This post is a sequel to The Absurd: Nagel, Camus, Lupu. See it for bibliographical details and for background.
In his essay "The Absurd," Thomas Nagel maintains that "the philosophical sense of absurdity" arises from "the collision between the seriousness with which we take our lives and the perpetual possibility of regarding everything about which we are serious as arbitrary, or open to doubt." (13) But then, on the next page, Nagel shifts from the sense of the absurd to the absurd itself, telling us that "what makes life absurd" is the collision of "the two inescapable viewpoints," namely, the situated POV from which we live straighforwardly, immersed in our projects and taking them in deadly earnest, and the transcendental POV from which we coolly comtemplate our lives and everything else sub specie aeternitatis.
Nagel's question concerns the 'absurdity-maker.' What is it that makes our lives absurd if they are absurd? He begins his essay by dismissing three or so objective grounds of absurdity, among them, life's brevity and the 'size' argument: we are so tiny, the universe so vast. (I discuss a particularly mephitic variant of this latter argument by Lawrence Krauss here.) Nagel seeks and finds a purely subjective source of our absurdity: the collision within us of two points of view each of which is essential to our being the embodied consciousnesses we are.
Suppose we grant that our lives must appear absurd when we reflect upon them from on high, 'under the aspect of eternity.' Does it follow that they are absurd? What appears to be the case, and what cannot fail to appear to be the case for beings of our (present)constitution, might still not be the case.
It seems we can go two ways. We can say: the sense of the absurd just is the absurd. (I noted that Nagel shifts from the first to the second between pp. 13-14.) Or we can say that the sense of the absurd reveals the absurd. If the latter, then my life is absurd whether or not I reflect on it sub specie aeternitatis. If the former, my life is absurd only when I so reflect. It seems we ought to distinguish between a weak and a strong thesis:
Weak Absurdity Thesis: The essential structure of embodied consciousness as we find it in our own case entails that our lives, when we reflect on them, must appear absurd, hence without objective meaning/purpose, whether or not in reality they are bereft of objective meaning/purpose.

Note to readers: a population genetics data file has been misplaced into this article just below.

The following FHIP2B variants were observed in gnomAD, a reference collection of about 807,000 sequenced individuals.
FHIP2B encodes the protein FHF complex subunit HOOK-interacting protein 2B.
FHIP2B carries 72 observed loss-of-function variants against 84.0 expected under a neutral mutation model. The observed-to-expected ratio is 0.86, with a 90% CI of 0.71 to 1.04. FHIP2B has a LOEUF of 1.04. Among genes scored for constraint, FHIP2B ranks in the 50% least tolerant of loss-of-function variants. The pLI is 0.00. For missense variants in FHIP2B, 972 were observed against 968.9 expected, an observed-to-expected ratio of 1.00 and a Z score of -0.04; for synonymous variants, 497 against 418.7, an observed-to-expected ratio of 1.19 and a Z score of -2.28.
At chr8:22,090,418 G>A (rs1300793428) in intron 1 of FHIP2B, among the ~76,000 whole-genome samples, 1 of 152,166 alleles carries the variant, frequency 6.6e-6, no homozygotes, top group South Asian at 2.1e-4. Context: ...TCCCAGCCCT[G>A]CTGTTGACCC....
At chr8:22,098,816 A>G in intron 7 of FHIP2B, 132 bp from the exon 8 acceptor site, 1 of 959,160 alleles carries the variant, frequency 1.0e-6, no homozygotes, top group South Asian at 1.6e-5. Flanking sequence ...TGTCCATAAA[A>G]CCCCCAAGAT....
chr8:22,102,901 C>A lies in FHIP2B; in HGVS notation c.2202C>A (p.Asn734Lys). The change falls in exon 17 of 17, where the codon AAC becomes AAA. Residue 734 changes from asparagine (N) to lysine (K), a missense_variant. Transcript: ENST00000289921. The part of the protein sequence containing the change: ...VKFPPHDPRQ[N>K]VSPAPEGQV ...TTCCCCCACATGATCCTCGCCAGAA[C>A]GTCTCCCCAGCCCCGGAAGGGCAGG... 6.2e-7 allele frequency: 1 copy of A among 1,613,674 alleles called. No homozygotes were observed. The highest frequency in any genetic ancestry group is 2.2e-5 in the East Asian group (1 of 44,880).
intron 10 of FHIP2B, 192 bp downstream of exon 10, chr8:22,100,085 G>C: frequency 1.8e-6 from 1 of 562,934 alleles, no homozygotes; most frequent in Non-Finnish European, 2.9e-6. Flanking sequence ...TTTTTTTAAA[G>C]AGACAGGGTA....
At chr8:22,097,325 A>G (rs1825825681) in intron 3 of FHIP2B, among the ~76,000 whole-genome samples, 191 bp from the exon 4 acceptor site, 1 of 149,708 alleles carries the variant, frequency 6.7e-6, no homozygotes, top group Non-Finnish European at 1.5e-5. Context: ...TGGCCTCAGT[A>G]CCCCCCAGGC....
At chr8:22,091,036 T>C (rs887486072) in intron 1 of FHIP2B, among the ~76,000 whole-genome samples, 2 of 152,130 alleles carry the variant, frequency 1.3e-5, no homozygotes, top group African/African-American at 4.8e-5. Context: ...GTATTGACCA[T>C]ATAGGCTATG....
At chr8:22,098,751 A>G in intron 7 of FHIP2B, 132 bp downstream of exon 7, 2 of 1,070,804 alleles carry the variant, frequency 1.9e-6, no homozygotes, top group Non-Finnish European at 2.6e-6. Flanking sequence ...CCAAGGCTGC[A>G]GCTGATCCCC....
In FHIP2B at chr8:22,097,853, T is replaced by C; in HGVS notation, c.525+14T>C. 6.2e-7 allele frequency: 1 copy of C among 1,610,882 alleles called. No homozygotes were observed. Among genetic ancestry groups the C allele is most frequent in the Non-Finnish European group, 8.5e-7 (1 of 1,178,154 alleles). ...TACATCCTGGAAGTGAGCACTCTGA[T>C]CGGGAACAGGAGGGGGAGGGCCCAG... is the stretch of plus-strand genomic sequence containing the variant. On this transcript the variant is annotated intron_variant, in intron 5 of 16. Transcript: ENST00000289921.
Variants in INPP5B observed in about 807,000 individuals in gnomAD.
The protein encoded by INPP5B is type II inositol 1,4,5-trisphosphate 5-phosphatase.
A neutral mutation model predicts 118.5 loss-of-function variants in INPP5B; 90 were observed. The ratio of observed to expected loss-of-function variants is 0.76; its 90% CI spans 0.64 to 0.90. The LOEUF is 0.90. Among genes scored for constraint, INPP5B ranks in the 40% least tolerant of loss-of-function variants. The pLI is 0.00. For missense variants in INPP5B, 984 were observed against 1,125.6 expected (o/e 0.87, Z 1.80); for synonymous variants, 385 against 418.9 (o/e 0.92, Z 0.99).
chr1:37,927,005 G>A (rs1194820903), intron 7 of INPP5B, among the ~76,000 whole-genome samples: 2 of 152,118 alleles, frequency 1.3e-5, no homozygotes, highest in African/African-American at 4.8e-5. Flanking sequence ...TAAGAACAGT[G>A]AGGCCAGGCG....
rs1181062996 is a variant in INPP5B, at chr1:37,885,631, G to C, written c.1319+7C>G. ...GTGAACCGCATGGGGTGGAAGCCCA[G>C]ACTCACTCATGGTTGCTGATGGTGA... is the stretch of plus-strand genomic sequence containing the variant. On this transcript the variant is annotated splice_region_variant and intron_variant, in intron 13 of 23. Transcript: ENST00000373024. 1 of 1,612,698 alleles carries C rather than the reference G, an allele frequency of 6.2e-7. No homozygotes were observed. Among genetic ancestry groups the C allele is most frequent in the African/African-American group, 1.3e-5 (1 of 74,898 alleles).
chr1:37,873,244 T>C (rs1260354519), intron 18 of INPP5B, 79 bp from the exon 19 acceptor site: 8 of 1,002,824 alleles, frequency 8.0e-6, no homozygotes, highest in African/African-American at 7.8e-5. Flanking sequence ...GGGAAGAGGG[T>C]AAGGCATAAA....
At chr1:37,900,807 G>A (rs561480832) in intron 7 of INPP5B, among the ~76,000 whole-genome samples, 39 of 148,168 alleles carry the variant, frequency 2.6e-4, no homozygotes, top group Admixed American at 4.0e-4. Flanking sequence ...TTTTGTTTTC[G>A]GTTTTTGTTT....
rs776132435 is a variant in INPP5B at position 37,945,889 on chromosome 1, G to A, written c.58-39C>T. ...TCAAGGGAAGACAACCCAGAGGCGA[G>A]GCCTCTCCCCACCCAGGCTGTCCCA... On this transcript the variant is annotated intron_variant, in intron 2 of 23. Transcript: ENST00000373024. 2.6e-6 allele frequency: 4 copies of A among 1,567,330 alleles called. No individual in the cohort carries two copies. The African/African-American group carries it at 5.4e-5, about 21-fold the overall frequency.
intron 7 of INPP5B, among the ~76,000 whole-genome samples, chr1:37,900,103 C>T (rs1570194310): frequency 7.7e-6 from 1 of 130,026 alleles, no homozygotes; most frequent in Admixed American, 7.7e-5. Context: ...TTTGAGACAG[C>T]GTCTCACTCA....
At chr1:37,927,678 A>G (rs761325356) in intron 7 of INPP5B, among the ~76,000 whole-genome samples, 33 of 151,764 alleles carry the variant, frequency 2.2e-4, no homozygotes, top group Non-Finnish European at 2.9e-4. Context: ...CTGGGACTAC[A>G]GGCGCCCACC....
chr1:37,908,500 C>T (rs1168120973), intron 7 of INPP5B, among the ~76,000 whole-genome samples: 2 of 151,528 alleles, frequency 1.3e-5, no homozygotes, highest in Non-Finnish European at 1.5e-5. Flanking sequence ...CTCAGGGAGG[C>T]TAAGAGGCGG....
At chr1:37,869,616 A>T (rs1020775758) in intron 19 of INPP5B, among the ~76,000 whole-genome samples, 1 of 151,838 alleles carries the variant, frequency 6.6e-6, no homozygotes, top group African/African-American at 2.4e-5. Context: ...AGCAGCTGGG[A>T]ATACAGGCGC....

Strong Absurdity Thesis: The necessary appearance of absurdity (when and so long as we reflect) just is the absurdity of human existence. (Analogy: the percipi of felt pain = its esse.) The sense of the absurd constitutes the absurd. It does not reveal it. We generate our absurdity simply by being what we must be and exercising the powers that we have. Absurdity is essential to our embodied consciousness. Our lives are objectively absurd, even though this absurdity is grounded in the nature of our subjectivity.
If the Weak Thesis is correct, then the problem of the absurd can be solved by refusing to take long views. On the Weak Thesis, it is up to us whether life is absurd since the absurd just is the sense of the absurd and the sense of the absurd can be avoided by freely abstaining from occupying the transcendental standpoint. It would then seem reasonable to take the following line:
For all we know, life has an objective meaning. Let's leave that to God or the nature of things. We shall live as if it is true while avoiding the sometimes paralyzing doubts that accrue from taking long views. We shall focus on foreground concerns, live our lives with zest and committment, taking seriously what does appear serious from our situated perspectives, and view the ultimate solution to the cosmic riddles as above our paygrade.
We might call this stance 'ostrich anti-absurdism.' I am pretty sure that this is not what Nagel is advocating. I read him as pushing the Strong Thesis.
The Weak Thesis, however, is much more plausible. How does Nagel know that the sense of absurdity is veridical? How does he exclude the possibility that, while our lives must appear absurd when we reflect, they are not in reality absurd?
Maybe your mother was right when she said, "You think too much. Put down those books and go outside and play."